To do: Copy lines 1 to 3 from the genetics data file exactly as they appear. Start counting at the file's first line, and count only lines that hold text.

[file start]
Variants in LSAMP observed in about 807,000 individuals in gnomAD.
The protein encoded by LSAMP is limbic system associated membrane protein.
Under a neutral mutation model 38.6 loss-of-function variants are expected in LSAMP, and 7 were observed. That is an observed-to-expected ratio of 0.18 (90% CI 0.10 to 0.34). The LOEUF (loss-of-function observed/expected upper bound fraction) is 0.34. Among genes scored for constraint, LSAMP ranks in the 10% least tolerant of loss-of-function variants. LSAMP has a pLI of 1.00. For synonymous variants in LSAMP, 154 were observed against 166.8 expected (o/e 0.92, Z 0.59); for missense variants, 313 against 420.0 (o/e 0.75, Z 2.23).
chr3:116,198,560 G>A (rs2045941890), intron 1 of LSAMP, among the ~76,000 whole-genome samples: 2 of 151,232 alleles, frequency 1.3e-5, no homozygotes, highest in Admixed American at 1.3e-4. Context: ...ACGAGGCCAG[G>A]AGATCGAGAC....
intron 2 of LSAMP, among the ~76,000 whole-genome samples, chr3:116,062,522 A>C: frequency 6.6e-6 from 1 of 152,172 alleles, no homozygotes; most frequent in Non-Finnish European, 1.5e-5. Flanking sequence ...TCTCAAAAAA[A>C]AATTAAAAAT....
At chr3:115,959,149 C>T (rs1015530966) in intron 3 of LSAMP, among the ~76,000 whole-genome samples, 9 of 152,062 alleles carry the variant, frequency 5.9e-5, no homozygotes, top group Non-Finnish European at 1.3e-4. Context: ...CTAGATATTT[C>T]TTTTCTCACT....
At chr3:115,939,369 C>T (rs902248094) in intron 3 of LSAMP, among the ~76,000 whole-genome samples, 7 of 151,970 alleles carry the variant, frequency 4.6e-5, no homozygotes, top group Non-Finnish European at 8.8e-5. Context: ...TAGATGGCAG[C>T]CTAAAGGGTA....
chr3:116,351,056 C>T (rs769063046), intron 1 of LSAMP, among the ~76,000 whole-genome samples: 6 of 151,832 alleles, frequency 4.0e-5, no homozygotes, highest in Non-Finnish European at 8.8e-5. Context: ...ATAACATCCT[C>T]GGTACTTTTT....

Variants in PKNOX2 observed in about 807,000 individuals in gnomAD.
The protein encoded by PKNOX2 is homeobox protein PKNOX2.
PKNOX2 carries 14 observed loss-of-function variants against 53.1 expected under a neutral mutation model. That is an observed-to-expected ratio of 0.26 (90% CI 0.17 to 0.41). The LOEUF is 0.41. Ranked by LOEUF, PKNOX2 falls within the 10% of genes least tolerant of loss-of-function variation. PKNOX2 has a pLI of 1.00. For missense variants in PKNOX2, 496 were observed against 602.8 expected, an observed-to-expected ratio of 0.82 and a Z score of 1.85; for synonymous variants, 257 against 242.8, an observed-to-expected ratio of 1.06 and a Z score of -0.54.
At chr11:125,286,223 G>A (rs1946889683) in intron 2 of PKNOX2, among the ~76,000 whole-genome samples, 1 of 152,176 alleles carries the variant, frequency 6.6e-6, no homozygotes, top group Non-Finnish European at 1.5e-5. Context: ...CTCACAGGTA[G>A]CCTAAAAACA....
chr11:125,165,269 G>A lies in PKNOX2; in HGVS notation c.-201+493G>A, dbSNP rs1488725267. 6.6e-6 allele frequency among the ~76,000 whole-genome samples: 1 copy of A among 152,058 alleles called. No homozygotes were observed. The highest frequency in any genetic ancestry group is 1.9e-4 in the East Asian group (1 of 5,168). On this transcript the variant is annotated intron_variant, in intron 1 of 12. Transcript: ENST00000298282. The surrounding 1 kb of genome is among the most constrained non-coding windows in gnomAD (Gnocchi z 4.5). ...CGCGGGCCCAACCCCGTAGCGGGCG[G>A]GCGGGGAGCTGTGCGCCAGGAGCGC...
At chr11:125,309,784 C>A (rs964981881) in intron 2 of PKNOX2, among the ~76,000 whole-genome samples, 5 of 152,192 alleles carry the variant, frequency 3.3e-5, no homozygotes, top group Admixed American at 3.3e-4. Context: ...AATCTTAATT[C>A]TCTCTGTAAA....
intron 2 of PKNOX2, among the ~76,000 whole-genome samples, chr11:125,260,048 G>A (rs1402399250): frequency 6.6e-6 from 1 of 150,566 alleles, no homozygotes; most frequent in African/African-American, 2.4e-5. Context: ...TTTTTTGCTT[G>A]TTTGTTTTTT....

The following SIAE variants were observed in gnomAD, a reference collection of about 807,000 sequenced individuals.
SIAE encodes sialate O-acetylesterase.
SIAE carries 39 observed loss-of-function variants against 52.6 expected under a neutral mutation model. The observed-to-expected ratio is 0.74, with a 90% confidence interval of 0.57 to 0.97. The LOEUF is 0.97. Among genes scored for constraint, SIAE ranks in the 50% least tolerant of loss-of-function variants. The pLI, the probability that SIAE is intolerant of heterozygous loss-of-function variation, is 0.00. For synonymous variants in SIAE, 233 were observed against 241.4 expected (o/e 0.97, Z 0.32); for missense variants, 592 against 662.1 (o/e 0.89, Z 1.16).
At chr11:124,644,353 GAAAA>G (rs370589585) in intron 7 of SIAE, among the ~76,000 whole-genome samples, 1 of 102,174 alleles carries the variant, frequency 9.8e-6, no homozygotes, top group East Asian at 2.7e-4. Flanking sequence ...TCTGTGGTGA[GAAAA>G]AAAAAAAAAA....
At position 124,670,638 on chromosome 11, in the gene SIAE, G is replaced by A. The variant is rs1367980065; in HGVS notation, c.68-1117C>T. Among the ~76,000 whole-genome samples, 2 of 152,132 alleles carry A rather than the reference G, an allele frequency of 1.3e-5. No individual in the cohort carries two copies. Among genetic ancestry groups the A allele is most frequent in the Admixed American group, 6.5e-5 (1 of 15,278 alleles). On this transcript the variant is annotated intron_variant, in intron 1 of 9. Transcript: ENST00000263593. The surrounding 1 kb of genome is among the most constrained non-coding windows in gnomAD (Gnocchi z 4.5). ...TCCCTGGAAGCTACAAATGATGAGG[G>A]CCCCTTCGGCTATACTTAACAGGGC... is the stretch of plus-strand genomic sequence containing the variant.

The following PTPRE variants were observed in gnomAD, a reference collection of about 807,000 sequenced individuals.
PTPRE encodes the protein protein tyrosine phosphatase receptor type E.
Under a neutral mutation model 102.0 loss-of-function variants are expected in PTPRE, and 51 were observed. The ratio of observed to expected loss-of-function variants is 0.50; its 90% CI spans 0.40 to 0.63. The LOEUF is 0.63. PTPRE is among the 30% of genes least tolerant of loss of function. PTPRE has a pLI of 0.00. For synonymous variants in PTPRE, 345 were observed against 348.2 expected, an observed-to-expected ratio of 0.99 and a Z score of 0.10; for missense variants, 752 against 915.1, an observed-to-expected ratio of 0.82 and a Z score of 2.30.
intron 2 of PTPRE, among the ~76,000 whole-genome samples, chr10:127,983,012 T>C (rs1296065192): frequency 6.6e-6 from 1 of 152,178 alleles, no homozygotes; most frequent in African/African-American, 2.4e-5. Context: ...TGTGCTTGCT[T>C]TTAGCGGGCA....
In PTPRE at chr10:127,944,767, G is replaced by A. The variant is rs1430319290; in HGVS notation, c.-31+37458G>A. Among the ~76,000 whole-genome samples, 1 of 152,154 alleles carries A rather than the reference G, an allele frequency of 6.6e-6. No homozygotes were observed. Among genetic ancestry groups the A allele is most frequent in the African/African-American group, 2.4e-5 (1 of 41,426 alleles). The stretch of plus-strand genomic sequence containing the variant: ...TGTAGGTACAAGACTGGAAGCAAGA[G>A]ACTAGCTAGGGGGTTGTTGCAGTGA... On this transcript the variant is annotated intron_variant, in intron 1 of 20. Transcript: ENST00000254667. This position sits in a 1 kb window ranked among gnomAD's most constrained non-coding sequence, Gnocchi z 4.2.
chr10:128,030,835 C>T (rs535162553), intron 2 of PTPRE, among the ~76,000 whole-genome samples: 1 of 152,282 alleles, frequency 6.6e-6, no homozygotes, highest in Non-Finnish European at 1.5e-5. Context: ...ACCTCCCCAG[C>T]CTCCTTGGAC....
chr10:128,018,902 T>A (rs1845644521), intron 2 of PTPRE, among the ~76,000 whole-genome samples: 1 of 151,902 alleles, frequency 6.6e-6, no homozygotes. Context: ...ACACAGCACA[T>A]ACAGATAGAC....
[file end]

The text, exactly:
Variants in LSAMP observed in about 807,000 individuals in gnomAD.
The protein encoded by LSAMP is limbic system associated membrane protein.
Under a neutral mutation model 38.6 loss-of-function variants are expected in LSAMP, and 7 were observed. That is an observed-to-expected ratio of 0.18 (90% CI 0.10 to 0.34). The LOEUF (loss-of-function observed/expected upper bound fraction) is 0.34. Among genes scored for constraint, LSAMP ranks in the 10% least tolerant of loss-of-function variants. LSAMP has a pLI of 1.00. For synonymous variants in LSAMP, 154 were observed against 166.8 expected (o/e 0.92, Z 0.59); for missense variants, 313 against 420.0 (o/e 0.75, Z 2.23).